Heaney’s choice to write “Bog Queen” from a first-person perspective similarly gives the reader direct access to the powerful, organic, feminine consciousness that Heaney has previously approached as a beloved and feared Other. Rather than merely being in relationship with Mother Earth, we are asked to fully participate in the turning of the seasons and the process of decay and rebirth; rather than speaking of wounded Ireland’s wrath, we are instead invited to experience it. In “Feeling  into Words,” Heaney describes the Troubles as “a struggle between the cults and devotees of a god and a goddess,” with the male cult being the imperial English power and the female cult the “indigenous territorial numen” of Ireland whose power has been “temporarily usurped” (Anderson, 148). In “Bog Queen,” is it not enough for the poet to be a mere devotee of this goddess; instead, he seeks to put on her power, to channel into his poetry the experience and desires of the primal force he sees as animating Ireland’s national spirit.

            On the surface, “Bog Queen” may seem to reinforce Heaney’s Jungian tendency to essentialize the sexes as, like his other bog poems, it clusters intuition, sensuality, and an earthy kind of regenerative power with femininity. Both “Bog Queen” and “Crazy Jane,” however, simultaneously problematize this dualism even as they use it. Heaney and Yeats have chosen female speakers to manifest qualities of sensuality, emotion, intuition, and physicality that Western tradition categorizes as strictly feminine, but the fact that they were able to create these compelling female speakers suggests that the poets were not cut off from these qualities after all – and indeed, that these qualities are neither masculine nor feminine but instead essentially human. Though Heaney may see physicality, intuition, and emotion as feminine, he remains a male poet even as he creates these earthy, organic works of art. “Bog Queen” may embrace traditional Western gender dualism, but it also demonstrates its falseness by allowing the Great Mother to speak with Heaney’s mouth. In this aspect, “Bog Queen” is an almost quintessential example of a modern work – it is tense with seeming opposites that, when examined more closely, resolve themselves into a whole.


Bibliography

Anderson, Nathalie F. “Queasy Proximity: Seamus Heaney’s Mythical Method.” Critical Essays on Seamus Heaney. Ed. Robert F. Garratt. New York: G.K. Hall & Co., 1995. Anderson compares Heaney’s attempt to root his work in mythology with Joyce’s. She examines Heaney’s use of sexual tension to describe political conflicts, and talks about “Bog Queen” in terms of sexualized molestation and national rape. Finally, she also relates “Bog Queen” briefly to the image of the vampire and casts Irish national devotion as filtered through the iconic bog bodies in terms of an ambivalent necrophilia.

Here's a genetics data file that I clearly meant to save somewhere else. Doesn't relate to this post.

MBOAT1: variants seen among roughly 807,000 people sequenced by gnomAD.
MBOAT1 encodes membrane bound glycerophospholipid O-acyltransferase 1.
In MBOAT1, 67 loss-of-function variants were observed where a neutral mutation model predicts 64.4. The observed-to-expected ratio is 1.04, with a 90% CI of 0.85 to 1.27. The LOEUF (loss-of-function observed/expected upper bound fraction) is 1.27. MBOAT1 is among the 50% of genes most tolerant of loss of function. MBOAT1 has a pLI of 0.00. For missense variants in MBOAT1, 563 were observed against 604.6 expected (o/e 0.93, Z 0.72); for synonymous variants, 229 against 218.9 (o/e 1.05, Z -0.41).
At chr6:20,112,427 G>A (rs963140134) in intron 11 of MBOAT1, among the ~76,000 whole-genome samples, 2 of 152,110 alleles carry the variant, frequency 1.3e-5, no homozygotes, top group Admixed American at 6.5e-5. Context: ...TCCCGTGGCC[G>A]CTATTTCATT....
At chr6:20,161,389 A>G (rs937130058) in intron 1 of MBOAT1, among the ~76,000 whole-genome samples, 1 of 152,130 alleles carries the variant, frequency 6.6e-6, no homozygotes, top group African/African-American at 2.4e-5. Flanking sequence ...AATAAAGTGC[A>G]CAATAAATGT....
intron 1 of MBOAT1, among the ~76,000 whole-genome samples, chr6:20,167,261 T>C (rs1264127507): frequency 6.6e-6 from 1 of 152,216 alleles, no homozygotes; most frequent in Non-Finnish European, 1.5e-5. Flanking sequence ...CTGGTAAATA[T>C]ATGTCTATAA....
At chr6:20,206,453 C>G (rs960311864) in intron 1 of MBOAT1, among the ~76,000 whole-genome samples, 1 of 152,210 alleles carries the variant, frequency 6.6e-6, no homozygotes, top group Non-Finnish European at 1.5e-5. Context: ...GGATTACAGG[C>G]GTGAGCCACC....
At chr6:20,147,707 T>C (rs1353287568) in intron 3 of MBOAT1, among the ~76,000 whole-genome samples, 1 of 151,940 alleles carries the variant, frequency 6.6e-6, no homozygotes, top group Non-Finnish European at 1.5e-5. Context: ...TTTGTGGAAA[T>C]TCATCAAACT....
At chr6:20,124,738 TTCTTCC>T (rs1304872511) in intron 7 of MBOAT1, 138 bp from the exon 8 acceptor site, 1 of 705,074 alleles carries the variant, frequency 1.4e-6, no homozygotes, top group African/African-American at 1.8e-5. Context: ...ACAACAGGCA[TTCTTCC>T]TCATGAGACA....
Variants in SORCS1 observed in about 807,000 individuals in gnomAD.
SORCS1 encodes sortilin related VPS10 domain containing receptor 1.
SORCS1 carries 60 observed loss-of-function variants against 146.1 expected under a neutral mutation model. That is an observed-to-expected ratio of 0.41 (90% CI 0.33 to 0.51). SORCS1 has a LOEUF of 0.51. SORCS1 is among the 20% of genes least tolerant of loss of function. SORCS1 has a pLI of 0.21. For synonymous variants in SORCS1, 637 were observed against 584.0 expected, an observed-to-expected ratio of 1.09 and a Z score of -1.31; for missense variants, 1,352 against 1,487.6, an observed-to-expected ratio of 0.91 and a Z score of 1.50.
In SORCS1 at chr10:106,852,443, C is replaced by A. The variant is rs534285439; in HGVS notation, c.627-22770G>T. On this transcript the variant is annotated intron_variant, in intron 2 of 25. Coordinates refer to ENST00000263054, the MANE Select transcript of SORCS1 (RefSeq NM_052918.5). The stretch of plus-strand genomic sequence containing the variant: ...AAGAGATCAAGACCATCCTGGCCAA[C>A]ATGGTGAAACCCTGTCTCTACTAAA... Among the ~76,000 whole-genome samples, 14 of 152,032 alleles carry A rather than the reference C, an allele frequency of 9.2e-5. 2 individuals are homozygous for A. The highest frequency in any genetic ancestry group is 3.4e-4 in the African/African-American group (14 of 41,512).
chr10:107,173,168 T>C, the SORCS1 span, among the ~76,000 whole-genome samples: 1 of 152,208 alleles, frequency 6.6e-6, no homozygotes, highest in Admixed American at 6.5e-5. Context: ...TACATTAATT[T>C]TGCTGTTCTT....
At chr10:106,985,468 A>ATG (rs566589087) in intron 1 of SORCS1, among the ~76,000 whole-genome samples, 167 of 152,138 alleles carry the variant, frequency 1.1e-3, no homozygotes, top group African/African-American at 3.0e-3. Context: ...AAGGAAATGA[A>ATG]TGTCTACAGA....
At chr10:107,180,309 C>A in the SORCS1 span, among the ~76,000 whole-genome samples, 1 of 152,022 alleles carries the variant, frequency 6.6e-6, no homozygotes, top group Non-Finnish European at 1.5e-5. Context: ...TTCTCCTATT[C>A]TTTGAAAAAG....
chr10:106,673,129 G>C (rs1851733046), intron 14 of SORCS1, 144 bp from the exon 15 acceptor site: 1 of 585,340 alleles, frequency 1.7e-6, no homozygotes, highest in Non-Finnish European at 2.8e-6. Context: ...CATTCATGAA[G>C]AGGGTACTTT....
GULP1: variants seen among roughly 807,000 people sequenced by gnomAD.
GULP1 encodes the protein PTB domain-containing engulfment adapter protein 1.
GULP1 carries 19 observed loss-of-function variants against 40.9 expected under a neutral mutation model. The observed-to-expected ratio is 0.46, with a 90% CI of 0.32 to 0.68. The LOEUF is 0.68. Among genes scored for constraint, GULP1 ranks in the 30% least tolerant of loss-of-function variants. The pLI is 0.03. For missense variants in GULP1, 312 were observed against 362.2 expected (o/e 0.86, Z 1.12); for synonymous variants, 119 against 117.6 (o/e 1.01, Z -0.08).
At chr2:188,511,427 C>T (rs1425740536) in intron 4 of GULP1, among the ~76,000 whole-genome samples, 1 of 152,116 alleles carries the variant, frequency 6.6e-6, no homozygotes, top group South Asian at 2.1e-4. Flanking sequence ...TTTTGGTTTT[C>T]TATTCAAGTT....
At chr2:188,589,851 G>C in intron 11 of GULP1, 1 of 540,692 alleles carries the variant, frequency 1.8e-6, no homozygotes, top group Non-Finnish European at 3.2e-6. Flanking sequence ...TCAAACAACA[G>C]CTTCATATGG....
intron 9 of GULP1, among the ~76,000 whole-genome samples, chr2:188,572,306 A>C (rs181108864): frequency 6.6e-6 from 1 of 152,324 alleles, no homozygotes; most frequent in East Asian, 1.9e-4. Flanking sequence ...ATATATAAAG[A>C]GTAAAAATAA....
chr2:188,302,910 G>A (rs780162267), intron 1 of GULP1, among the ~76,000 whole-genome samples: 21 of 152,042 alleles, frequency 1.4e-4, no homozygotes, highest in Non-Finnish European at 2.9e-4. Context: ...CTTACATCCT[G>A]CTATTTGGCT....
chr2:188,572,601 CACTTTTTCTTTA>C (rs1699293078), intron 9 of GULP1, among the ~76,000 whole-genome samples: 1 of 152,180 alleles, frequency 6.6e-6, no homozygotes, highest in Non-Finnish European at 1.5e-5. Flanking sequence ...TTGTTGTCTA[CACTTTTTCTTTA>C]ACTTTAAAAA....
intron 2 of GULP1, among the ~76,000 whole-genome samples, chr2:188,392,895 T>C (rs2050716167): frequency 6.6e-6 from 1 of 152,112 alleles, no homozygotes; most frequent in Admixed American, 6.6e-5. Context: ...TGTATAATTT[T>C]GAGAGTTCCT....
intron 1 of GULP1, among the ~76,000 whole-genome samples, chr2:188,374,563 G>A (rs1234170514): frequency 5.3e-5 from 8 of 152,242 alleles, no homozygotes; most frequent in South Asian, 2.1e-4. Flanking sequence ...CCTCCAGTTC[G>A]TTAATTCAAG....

Burris, Sidney. The Poetry of Resistance: Seamus Heaney and the Pastoral Tradition. Athens: Ohio University Press, 1990. Approaches Heaney in terms of Irish racial/rural history, and the centrality of the Irish landscape to Heaney’s poetry. Sees “Bog Queen” as the voice of a particular locality.

 

Coughlin, Patricia. “‘Bog Queens’: The Representation of Women in the poetry of John Montague and Seamus Heaney.”  Seamus Heaney. Ed. Michael Allen. New York: St. Martin’s Press, 1997. Sees Heaney’s poetry as dangerously gendered, portraying the feminine as nothing more than the ground against which the masculine is defined.

 

Green, Carlanda. “The Feminine Principle in Seamus Heaney’s Poetry.” Critical Essays on Seamus Heaney. Ed. Robert F. Garratt. New York: G.K. Hall & Co., 1995. A heavily Jungian analysis examining the bog poems in terms of an Earth Mother-focused mythology that is also linked with the nationalist personifications of Ireland (Kathleen Ni Houlihan or the poor old woman).

 

Johnston, Dillon. “Irish Poetry After Joyce (Heaney and Kavanagh).” Critical Essays on Seamus Heaney. Ed. Robert F. Garratt. New York: G.K. Hall & Co., 1995. Comparison of the two poets’ work. Johnston sees Heaney’s portrayal of the feminine as primarily a life-denying force, and examines the poet’s attempt to associate the bog-burials explicitly with twentieth-century atrocities.

 

Longley, Edna. “‘Inner Emigré or ‘Artful Voyeur’? Seamus Heaney’s North.” Seamus Heaney. Ed. Michael Allen. New York: St. Martin’s Press, 1997. Examines Heaney as a pilgrim, acolyte, or “bridegroom” of the goddess he portrays in his poetry, while dealing with the problematic quality of being devoted to a national spirit that seems to condone murder. Considers Heaney’s impact on Irish politics.

 

Tobin, Daniel. Passage to the Center: Imagination and the Sacred in the Poetry of Seamus Heaney. The University Press of Kentucky, 1999. Chapter Four examines Heaney’s poetry in relation to the Troubles and the way he suggests that the ancient myths of Ireland and the modern conflict are modeled on the same archetypal pattern.

 

 

Copyright (c) 2003 by Christine Hoff Kraemer